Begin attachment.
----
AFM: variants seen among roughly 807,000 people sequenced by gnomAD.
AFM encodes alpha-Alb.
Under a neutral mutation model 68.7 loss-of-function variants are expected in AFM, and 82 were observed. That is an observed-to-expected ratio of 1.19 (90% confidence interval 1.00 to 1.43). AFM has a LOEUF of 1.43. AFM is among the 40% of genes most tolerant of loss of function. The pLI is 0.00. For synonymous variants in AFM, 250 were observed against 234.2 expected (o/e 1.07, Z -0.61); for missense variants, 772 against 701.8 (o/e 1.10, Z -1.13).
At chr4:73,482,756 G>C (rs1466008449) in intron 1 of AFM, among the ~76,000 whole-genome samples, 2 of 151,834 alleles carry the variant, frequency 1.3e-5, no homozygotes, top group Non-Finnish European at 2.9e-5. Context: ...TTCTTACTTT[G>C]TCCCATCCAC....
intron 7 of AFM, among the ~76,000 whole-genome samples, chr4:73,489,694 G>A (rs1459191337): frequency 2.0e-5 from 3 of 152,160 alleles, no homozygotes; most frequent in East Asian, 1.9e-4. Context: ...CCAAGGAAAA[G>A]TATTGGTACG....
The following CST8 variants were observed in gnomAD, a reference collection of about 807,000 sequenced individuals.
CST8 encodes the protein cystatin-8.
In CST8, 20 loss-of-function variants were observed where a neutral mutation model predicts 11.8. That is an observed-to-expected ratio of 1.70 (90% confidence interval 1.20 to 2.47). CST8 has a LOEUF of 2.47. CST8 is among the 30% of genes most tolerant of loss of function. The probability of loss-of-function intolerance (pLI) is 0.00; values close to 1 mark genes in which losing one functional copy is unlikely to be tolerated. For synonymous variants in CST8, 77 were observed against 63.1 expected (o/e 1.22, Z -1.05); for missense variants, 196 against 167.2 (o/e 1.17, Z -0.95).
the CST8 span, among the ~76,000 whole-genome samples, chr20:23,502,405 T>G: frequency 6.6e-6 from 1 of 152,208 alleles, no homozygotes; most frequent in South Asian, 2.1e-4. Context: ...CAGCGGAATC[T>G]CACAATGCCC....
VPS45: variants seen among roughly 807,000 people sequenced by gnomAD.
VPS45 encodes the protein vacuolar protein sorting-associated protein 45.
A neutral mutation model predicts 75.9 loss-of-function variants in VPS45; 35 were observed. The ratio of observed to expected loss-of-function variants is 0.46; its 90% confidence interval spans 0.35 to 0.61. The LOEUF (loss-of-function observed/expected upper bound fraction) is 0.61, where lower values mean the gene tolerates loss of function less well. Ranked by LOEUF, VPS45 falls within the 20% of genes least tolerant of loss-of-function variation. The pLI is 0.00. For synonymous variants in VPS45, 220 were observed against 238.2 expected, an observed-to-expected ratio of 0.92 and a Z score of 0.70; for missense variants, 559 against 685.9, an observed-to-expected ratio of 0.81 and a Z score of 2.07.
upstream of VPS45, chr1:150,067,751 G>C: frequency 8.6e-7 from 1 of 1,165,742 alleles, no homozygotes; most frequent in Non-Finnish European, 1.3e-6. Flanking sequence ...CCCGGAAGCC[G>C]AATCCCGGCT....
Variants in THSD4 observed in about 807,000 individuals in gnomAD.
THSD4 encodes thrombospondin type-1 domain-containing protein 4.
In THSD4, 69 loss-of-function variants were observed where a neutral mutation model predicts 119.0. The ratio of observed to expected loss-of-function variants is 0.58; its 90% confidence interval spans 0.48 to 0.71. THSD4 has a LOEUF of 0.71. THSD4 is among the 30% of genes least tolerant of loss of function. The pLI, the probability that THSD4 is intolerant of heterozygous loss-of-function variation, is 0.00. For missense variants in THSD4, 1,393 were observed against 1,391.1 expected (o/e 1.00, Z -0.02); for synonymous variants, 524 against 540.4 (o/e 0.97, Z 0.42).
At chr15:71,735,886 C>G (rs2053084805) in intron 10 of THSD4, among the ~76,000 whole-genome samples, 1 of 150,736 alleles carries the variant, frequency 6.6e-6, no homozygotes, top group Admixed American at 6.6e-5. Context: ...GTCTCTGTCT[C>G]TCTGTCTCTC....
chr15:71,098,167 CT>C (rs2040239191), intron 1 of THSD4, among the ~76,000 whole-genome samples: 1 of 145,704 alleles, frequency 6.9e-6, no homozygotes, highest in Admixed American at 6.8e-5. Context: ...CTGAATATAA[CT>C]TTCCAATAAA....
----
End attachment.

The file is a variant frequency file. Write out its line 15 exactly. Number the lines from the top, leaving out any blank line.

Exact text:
THSD4 encodes thrombospondin type-1 domain-containing protein 4.